Author Topic: I ordered a WFO  (Read 47040 times)

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Offline norma427

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Re: I ordered a WFO
« Reply #20 on: July 23, 2012, 07:59:51 AM »
Gene,

I am anxious to see your WFO!  ;D  I am guessing Tom is helping.

Norma
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Offline Jet_deck

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Re: I ordered a WFO
« Reply #21 on: July 23, 2012, 02:30:35 PM »
Yes, Tom is doing all the work.  He is building it on a concrete base.  When I get it, I will build a stand (steel) for it.  Get this-- when I asked how long it would take, he said a couple of days. Then a week to dry and fire.  Too cool.
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Offline Tscarborough

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Re: I ordered a WFO
« Reply #22 on: July 23, 2012, 03:11:58 PM »
Should have all the parts delivered tomorrow.

Offline scott123

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Re: I ordered a WFO
« Reply #23 on: July 23, 2012, 03:31:51 PM »
Get this-- when I asked how long it would take, he said a couple of days. Then a week to dry and fire.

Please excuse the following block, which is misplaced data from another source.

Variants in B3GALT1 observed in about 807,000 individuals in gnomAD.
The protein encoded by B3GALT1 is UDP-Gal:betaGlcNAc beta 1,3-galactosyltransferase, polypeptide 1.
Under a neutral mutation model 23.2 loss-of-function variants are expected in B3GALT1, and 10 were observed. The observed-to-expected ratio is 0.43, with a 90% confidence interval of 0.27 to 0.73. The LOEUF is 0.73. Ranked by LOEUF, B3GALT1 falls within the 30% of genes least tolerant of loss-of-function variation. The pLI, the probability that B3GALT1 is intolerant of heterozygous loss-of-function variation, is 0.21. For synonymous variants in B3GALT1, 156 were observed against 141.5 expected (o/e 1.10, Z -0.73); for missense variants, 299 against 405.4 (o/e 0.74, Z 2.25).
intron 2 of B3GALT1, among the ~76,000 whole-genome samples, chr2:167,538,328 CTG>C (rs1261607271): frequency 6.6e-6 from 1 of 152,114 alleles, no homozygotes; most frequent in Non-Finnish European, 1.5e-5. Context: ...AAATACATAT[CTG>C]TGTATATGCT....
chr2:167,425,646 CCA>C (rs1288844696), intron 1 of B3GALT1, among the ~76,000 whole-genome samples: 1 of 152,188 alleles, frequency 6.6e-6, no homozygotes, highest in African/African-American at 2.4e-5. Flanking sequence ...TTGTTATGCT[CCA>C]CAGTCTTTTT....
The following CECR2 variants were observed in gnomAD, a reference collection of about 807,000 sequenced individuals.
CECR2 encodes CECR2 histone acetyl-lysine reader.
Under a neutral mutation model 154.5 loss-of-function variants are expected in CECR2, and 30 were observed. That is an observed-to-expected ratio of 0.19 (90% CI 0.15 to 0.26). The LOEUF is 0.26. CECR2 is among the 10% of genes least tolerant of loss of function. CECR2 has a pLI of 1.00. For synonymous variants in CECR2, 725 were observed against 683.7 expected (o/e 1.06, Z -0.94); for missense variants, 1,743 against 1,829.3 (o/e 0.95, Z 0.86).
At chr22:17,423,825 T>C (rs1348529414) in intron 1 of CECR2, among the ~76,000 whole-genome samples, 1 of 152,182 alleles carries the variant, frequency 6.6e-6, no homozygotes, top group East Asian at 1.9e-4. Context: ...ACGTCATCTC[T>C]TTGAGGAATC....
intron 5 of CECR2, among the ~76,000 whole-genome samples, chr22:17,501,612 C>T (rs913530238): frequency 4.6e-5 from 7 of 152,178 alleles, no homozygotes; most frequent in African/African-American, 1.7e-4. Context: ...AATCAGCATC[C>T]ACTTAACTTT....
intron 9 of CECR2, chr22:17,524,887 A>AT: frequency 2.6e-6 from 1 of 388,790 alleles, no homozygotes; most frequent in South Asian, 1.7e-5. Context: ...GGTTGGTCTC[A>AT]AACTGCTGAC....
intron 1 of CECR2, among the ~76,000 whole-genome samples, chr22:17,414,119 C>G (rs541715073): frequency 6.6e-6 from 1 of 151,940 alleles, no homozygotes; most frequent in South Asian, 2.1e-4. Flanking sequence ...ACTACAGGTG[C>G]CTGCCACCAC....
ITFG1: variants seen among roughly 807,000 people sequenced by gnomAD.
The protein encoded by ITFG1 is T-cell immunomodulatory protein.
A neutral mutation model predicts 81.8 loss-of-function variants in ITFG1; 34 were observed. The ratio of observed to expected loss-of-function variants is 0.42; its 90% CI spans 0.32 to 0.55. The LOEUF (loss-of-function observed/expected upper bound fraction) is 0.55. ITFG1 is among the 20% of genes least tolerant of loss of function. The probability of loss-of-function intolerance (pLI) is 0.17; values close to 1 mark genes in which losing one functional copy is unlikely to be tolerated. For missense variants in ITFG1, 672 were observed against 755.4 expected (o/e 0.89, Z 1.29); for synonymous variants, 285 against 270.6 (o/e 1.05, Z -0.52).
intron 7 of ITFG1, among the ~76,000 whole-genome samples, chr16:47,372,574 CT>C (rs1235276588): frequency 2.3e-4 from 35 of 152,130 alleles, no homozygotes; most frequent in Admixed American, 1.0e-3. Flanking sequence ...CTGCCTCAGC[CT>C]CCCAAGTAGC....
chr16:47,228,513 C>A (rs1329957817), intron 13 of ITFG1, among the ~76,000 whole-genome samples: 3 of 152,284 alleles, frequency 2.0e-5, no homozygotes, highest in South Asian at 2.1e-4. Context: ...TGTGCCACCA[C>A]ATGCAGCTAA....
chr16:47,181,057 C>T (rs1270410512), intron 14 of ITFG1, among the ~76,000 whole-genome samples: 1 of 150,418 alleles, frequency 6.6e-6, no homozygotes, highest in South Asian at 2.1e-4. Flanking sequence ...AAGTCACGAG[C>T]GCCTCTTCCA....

How is this possible?  You're putting perlcrete under the hearth, correct?  Doesn't perlcrete take at least 7 days to cure properly? And what about letting it dry? Here they talk about a few weeks for letting the perlcrete sub-hearth cure and dry before proceeding with the rest of the oven:

http://www.fornobravo.com/forum/f14/pouring-hearth-14905.html#post113466

Even if you're insulating the hearth with board, you're still talking about the same few week wait for the perlcrete insulating the dome, and that's not even counting the drying time for the rest of the oven.

As far as drying goes, I've never come across anyone who felt like they dried their oven too slow, but there's countless number of people who rushed it and have regrets.  If I was drying an oven that I spent this much time and money on, I'd let it air dry for a month minimum, then put a hair dryer in it, on a timer, for a couple days, and gradually move up to an actual fire over the course of another month.  Overkill? Probably, but if I'm going to be using this oven for at least 15 years, what's 2 month's drying time to be 150% certain that I don't damage it at the start?

You cannot dry out an oven over too long a period, imo.

« Last Edit: July 23, 2012, 03:35:39 PM by scott123 »

Offline Tscarborough

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Re: I ordered a WFO
« Reply #24 on: July 23, 2012, 03:45:18 PM »
2 days to build the dome.  Perlcrete is ready the next day.  So it goes like this:

Day 1 pour the slab
Day 2 pour the perlcrete
Day 3 lay the hearth and begin the dome
Day 4 finish dome begin drying.
Day 5 more drying apply perlcrete to dome
Day 6 more drying
Day 7 more drying
« Last Edit: July 23, 2012, 03:47:45 PM by Tscarborough »

Offline Tscarborough

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Re: I ordered a WFO
« Reply #25 on: July 23, 2012, 03:46:03 PM »
You are not involved in construction, I take it Scott?

Offline scott123

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Re: I ordered a WFO